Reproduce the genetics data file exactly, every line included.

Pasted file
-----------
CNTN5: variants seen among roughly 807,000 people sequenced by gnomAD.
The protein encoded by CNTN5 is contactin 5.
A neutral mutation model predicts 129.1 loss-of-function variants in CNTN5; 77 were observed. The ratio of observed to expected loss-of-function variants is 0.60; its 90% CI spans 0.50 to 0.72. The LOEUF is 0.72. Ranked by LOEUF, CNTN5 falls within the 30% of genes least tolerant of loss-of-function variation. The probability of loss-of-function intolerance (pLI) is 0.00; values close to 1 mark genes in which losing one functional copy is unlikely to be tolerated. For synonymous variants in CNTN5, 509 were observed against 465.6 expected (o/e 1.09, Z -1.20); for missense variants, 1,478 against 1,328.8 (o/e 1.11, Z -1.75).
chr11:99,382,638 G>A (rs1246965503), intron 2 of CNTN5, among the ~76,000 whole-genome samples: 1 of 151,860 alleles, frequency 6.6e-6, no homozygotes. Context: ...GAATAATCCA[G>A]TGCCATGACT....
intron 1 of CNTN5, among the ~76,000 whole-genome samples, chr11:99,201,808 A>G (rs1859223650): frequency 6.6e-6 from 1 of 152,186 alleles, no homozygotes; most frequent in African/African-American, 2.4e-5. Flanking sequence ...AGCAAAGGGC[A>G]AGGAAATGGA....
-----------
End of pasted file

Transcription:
CNTN5: variants seen among roughly 807,000 people sequenced by gnomAD.
The protein encoded by CNTN5 is contactin 5.
A neutral mutation model predicts 129.1 loss-of-function variants in CNTN5; 77 were observed. The ratio of observed to expected loss-of-function variants is 0.60; its 90% CI spans 0.50 to 0.72. The LOEUF is 0.72. Ranked by LOEUF, CNTN5 falls within the 30% of genes least tolerant of loss-of-function variation. The probability of loss-of-function intolerance (pLI) is 0.00; values close to 1 mark genes in which losing one functional copy is unlikely to be tolerated. For synonymous variants in CNTN5, 509 were observed against 465.6 expected (o/e 1.09, Z -1.20); for missense variants, 1,478 against 1,328.8 (o/e 1.11, Z -1.75).
chr11:99,382,638 G>A (rs1246965503), intron 2 of CNTN5, among the ~76,000 whole-genome samples: 1 of 151,860 alleles, frequency 6.6e-6, no homozygotes. Context: ...GAATAATCCA[G>A]TGCCATGACT....
intron 1 of CNTN5, among the ~76,000 whole-genome samples, chr11:99,201,808 A>G (rs1859223650): frequency 6.6e-6 from 1 of 152,186 alleles, no homozygotes; most frequent in African/African-American, 2.4e-5. Flanking sequence ...AGCAAAGGGC[A>G]AGGAAATGGA....